rs = s.executeQuery("select key, value from table");
        while (rs.next())
            {
            Integer key   = new Integer(rs.getInt(1));
            String  value = rs.getString(2);
            cache.put(key, value);
            }
        ...
        }
    catch (SQLException e)
        {...}
    }

Loading the cache can be made much more efficient by using the ConcurrentMap.putAll method instead. For example:

public static void bulkLoad(NamedCache cache, Connection conn)
    {
    Statement s;
    ResultSet rs;
    Map       buffer = new HashMap();

    try
        {
        int count = 0;
        s = conn.createStatement();
        rs = s.executeQuery("select key, value from table");
        while (rs.next())
            {
            Integer key   = new Integer(rs.getInt(1));
            String  value = rs.getString(2);
            buffer.put(key, value);

            // this loads 1000 items at a time into the cache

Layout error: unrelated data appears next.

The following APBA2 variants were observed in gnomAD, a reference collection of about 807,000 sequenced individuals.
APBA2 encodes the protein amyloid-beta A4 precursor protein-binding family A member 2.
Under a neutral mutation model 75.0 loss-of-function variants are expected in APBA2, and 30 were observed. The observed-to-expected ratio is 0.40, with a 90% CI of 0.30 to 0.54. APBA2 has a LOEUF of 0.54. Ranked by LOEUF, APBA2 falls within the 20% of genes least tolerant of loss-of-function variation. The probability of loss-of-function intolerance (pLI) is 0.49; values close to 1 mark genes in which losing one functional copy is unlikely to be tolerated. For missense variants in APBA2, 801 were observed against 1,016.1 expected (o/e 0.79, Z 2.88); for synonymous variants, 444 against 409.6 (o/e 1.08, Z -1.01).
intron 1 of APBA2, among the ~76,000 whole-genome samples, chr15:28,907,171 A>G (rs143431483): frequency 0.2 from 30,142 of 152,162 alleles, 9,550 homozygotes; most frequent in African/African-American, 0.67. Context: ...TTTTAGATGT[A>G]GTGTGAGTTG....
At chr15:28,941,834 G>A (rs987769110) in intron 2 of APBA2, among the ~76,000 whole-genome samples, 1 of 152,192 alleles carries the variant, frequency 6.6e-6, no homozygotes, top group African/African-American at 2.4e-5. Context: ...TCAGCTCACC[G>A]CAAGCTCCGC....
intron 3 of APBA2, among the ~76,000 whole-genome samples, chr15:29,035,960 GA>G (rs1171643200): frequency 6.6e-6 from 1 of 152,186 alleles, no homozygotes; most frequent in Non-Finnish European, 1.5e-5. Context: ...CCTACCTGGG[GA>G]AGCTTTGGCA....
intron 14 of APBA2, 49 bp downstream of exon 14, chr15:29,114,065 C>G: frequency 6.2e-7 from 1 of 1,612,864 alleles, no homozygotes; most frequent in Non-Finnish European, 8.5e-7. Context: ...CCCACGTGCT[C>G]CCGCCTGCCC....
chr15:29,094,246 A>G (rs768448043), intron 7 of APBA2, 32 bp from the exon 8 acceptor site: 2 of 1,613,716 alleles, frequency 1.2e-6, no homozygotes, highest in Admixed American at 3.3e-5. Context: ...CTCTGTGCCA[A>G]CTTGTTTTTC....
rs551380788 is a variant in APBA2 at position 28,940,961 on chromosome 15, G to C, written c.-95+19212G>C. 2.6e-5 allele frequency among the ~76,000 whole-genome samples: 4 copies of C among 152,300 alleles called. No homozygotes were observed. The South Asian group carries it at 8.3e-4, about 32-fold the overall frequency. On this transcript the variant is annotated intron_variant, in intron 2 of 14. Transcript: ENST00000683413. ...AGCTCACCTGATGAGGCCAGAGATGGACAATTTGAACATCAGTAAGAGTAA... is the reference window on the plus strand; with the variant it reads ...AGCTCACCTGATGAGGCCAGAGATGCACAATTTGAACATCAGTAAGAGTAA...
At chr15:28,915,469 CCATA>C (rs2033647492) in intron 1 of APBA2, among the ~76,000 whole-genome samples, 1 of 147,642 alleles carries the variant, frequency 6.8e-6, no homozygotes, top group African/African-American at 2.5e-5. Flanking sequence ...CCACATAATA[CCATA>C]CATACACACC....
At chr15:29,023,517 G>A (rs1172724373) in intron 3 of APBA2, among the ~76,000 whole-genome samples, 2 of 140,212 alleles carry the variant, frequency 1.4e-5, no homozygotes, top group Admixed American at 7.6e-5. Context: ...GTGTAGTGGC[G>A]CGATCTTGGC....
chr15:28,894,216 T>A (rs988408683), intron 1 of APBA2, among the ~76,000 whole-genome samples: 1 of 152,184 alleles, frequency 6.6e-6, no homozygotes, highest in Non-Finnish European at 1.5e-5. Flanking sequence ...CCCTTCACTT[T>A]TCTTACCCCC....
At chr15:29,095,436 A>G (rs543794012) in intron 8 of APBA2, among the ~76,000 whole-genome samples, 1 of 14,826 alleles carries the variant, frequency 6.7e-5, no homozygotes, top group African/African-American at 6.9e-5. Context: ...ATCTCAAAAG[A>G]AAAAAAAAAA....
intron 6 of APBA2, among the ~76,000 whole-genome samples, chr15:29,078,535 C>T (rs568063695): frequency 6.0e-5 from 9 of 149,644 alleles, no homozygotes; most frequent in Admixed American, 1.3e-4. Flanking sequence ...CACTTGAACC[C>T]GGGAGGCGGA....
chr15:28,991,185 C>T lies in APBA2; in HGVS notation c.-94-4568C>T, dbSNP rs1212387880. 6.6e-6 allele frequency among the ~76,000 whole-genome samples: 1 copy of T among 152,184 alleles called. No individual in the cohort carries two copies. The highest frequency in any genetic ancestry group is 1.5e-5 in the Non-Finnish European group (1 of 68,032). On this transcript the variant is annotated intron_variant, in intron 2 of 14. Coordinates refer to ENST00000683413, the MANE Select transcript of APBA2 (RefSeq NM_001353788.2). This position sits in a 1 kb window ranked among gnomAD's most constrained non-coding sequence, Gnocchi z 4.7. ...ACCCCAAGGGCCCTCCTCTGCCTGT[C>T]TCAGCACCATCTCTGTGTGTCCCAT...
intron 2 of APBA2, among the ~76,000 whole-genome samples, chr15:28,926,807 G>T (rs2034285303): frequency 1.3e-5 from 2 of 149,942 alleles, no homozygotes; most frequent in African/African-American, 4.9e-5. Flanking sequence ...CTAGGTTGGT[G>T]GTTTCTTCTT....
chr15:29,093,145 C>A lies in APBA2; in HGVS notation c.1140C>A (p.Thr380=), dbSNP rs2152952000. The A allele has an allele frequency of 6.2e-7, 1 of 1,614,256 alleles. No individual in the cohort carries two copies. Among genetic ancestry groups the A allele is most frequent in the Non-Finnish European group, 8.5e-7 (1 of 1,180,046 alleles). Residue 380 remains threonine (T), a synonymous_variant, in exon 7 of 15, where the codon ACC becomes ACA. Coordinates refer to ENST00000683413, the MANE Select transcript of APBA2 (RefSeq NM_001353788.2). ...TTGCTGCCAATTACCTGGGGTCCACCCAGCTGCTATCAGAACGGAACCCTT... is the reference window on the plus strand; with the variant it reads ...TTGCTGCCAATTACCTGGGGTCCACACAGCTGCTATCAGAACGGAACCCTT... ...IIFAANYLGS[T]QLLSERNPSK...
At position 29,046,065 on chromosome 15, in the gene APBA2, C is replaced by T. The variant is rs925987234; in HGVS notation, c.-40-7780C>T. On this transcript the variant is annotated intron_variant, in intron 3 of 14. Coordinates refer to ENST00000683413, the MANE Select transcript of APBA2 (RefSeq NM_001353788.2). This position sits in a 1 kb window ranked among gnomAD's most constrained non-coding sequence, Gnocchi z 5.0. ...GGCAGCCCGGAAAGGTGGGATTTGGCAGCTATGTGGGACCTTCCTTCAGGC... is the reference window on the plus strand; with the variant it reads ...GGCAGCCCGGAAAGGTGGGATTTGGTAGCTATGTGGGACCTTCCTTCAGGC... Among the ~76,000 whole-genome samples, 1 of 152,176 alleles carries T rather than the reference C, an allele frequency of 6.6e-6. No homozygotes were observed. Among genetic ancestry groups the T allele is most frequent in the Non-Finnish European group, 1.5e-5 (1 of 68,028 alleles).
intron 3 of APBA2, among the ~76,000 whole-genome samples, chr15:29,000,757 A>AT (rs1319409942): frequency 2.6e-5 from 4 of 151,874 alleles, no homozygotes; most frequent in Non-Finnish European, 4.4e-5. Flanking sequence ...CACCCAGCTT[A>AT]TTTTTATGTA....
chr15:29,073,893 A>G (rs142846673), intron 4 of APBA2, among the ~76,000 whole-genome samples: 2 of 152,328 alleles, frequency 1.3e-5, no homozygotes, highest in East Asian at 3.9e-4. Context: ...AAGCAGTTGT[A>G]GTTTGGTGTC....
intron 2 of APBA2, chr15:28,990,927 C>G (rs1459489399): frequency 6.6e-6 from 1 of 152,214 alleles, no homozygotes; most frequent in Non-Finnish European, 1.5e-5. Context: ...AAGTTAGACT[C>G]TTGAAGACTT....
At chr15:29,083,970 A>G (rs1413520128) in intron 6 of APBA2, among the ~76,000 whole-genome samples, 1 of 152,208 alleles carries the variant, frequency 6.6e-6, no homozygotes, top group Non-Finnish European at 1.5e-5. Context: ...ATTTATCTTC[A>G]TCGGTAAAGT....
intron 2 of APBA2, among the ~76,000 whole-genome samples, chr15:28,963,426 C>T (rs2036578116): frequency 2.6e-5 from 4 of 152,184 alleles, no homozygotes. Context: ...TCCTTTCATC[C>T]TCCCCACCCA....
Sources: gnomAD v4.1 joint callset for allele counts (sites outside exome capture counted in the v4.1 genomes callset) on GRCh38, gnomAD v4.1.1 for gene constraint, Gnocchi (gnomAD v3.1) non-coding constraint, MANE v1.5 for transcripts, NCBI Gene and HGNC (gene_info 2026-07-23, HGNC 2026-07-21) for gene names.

if ((count++ % 1000) == 0)
                {
                cache.putAll(buffer);
                buffer.clear();
                }
            }
        if (!buffer.isEmpty())
            {
            cache.putAll(buffer);
            }
        ...
        }
    catch (SQLException e)
        {...}
    }

Performing Distributed Bulk Loading

When pre-populating a Coherence partitioned cache with a large data set, it may be more efficient to distribute the work to Coherence cluster members. Distributed loading allows for higher data throughput rates to the cache by leveraging the aggregate network bandwidth and CPU power of the cluster. When performing a distributed load, the application must decide on the following: